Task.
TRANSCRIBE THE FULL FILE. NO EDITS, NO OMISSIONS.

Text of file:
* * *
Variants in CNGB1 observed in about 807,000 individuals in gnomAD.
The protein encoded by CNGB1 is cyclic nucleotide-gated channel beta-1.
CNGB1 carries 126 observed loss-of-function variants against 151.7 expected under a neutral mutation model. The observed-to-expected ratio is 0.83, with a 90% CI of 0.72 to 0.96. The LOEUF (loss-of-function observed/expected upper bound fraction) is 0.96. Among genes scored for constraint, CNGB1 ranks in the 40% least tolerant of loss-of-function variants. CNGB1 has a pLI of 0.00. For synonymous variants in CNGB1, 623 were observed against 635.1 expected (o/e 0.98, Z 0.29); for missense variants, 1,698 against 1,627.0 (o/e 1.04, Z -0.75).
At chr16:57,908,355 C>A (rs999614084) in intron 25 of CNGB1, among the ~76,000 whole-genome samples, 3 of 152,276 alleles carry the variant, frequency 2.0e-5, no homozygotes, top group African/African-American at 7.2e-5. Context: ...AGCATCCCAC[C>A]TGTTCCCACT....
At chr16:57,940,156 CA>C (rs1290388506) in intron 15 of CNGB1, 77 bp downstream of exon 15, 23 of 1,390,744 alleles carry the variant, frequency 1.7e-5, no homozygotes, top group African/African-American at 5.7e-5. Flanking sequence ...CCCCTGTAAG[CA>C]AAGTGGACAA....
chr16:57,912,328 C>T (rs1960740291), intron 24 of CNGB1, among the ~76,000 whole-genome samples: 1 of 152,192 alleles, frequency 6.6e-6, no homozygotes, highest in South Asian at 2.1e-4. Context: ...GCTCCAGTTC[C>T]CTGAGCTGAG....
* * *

Variants in CNGB1 observed in about 807,000 individuals in gnomAD.
The protein encoded by CNGB1 is cyclic nucleotide-gated channel beta-1.
CNGB1 carries 126 observed loss-of-function variants against 151.7 expected under a neutral mutation model. The observed-to-expected ratio is 0.83, with a 90% CI of 0.72 to 0.96. The LOEUF (loss-of-function observed/expected upper bound fraction) is 0.96. Among genes scored for constraint, CNGB1 ranks in the 40% least tolerant of loss-of-function variants. CNGB1 has a pLI of 0.00. For synonymous variants in CNGB1, 623 were observed against 635.1 expected (o/e 0.98, Z 0.29); for missense variants, 1,698 against 1,627.0 (o/e 1.04, Z -0.75).
At chr16:57,908,355 C>A (rs999614084) in intron 25 of CNGB1, among the ~76,000 whole-genome samples, 3 of 152,276 alleles carry the variant, frequency 2.0e-5, no homozygotes, top group African/African-American at 7.2e-5. Context: ...AGCATCCCAC[C>A]TGTTCCCACT....
At chr16:57,940,156 CA>C (rs1290388506) in intron 15 of CNGB1, 77 bp downstream of exon 15, 23 of 1,390,744 alleles carry the variant, frequency 1.7e-5, no homozygotes, top group African/African-American at 5.7e-5. Flanking sequence ...CCCCTGTAAG[CA>C]AAGTGGACAA....
chr16:57,912,328 C>T (rs1960740291), intron 24 of CNGB1, among the ~76,000 whole-genome samples: 1 of 152,192 alleles, frequency 6.6e-6, no homozygotes, highest in South Asian at 2.1e-4. Context: ...GCTCCAGTTC[C>T]CTGAGCTGAG....